Before and After Technology
Simon Finn: Contrary Forces
Simon Finn’s practice has always oscillated between zones of sheer beauty and utter entropy. For a time, the ocean was a central motif. An avid deep-sea diver, he would use a conglomeration of drawing, sculpture and animation to capture the sublime beauty of the waves. But alongside the beauty of the tides came the sheer physical brutality of their power and, as sea levels rise, Finn would depict the destructive forces that inevitably accompany that sublime potency.
A draughtsman par excellence, Finn has recently settled in a remote corner of Victoria’s majestic Otway ranges, a vast swathe of temperate rainforests, majestic waterfalls and rugged coastlines and his pencil has drawn him into the spectacular labyrinth and the cathedral-like naves of the Otway’s forests. In his ‘Trees’ works the byzantine complexities of mother nature rule supreme. Each limb and each leaf bustle over the picture-plane. Sans colour, one immediately senses the dark greens and dark ochres of the landscape and practically smell the heady scent of eucalypt in the air.
But, as with his ocean works, there is always a Yin to Finn’s Yang, for in an accompanying body of work the once majestically vertical arbour has been reduced to a denuded wasteland, a silent graveyard. The Otway’s were once home to some of the largest hardwood trees on the planet. However, much of the original forest on the higher parts of the range have been cleared and replaced with cleared farmland and pine plantations. Most of the remaining native forest has been subjected to logging at some stage. As is humanities’ wont, the cathedral has been made into a crypt, and where lyre-birds once sang, an eerie silence exudes from these works.
Finn eschews making grand environmental proclamations. “My studio practice generates artworks that are an exploration of temporal representations and the variable syntheses between artist, environment and technology,” he says. “The works investigate the boundaries of sight, experience and scientific visualisation by de-centring the human in networks of artistic production.”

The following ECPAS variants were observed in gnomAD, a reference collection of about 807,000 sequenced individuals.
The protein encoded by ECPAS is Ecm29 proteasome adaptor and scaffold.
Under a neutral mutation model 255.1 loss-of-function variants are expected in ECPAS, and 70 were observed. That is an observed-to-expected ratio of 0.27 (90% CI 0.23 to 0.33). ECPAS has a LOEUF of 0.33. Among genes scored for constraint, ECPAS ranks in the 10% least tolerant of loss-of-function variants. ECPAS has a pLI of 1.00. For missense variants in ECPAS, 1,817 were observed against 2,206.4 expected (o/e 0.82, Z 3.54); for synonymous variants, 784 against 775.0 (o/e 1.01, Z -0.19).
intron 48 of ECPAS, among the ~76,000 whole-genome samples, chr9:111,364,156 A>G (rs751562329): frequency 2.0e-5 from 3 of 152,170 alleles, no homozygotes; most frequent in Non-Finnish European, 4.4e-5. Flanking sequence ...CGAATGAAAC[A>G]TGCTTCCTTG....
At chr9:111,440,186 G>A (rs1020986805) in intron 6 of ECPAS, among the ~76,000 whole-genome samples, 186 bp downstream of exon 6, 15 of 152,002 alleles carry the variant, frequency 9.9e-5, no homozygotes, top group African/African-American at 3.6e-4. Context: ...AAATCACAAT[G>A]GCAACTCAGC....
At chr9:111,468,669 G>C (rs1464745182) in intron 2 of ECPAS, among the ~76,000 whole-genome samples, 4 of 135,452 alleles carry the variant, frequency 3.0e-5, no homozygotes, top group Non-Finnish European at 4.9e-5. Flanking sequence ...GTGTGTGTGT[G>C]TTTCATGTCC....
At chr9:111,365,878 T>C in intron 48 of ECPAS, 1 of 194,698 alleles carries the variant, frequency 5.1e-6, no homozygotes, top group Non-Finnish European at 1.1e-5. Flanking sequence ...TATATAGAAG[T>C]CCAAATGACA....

However. the works speak for themselves and Finn’s sheer skill resonates with an all too rare passion and poignancy. Writing on Finn’s earlier work, fellow artist Bernhard Sachs commented that: “The tone of Finn’s dark world is catastrophic, fixated on entropy and images of demise, of the watchtower, the alarm, and the vengeance of the infinite — the tsunami, the flood, of an antagonistic Nature carrying everything before it. The persistent content is one of the optics of emergency.”
However, Finn’s trees, at least when still vertical, suggest the other extreme; a sublime tranquillity that exudes at least some sense of hope.
Finn’s recent group exhibitions include ‘Vertigo,’ Galeri Soemardja, Indonesia, the Museum of Contemporary Art, Taiwan and POSCO Art Museum, South Korea, 2014; ‘Surge’ at Plymouth College of Art, England, 2014 and ‘Down to the Line,’ Bett Gallery, Tasmania 2013. He was a finalist in the Linden Art Prize, 2014; Substation Art Prize, 2013; Paul Guest Drawing Prize, 2012; Dobell Drawing Prize, Art Gallery of New South Wales, 2011and winner of the NotFair Howard Arkley Award and the Kedumba Drawing Award, 2012.
Dr. Ashley Crawford